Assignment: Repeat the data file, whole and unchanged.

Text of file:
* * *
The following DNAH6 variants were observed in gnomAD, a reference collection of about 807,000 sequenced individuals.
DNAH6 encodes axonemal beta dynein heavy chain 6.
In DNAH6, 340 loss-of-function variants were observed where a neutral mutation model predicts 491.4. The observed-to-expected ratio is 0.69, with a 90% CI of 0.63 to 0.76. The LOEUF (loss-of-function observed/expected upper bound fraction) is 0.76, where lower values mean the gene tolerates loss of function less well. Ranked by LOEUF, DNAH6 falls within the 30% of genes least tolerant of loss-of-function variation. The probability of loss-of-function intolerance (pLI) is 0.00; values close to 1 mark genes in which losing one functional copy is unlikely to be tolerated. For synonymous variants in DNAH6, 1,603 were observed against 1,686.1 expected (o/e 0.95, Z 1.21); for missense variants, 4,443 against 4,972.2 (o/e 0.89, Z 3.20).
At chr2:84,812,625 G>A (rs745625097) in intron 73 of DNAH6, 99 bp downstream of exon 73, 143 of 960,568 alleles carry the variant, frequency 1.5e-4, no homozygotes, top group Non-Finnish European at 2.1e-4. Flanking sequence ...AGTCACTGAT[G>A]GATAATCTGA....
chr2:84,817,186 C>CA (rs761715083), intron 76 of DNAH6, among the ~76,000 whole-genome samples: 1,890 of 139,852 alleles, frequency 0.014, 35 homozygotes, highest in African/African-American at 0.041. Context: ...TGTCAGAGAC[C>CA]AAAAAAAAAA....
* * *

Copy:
The following DNAH6 variants were observed in gnomAD, a reference collection of about 807,000 sequenced individuals.
DNAH6 encodes axonemal beta dynein heavy chain 6.
In DNAH6, 340 loss-of-function variants were observed where a neutral mutation model predicts 491.4. The observed-to-expected ratio is 0.69, with a 90% CI of 0.63 to 0.76. The LOEUF (loss-of-function observed/expected upper bound fraction) is 0.76, where lower values mean the gene tolerates loss of function less well. Ranked by LOEUF, DNAH6 falls within the 30% of genes least tolerant of loss-of-function variation. The probability of loss-of-function intolerance (pLI) is 0.00; values close to 1 mark genes in which losing one functional copy is unlikely to be tolerated. For synonymous variants in DNAH6, 1,603 were observed against 1,686.1 expected (o/e 0.95, Z 1.21); for missense variants, 4,443 against 4,972.2 (o/e 0.89, Z 3.20).
At chr2:84,812,625 G>A (rs745625097) in intron 73 of DNAH6, 99 bp downstream of exon 73, 143 of 960,568 alleles carry the variant, frequency 1.5e-4, no homozygotes, top group Non-Finnish European at 2.1e-4. Flanking sequence ...AGTCACTGAT[G>A]GATAATCTGA....
chr2:84,817,186 C>CA (rs761715083), intron 76 of DNAH6, among the ~76,000 whole-genome samples: 1,890 of 139,852 alleles, frequency 0.014, 35 homozygotes, highest in African/African-American at 0.041. Context: ...TGTCAGAGAC[C>CA]AAAAAAAAAA....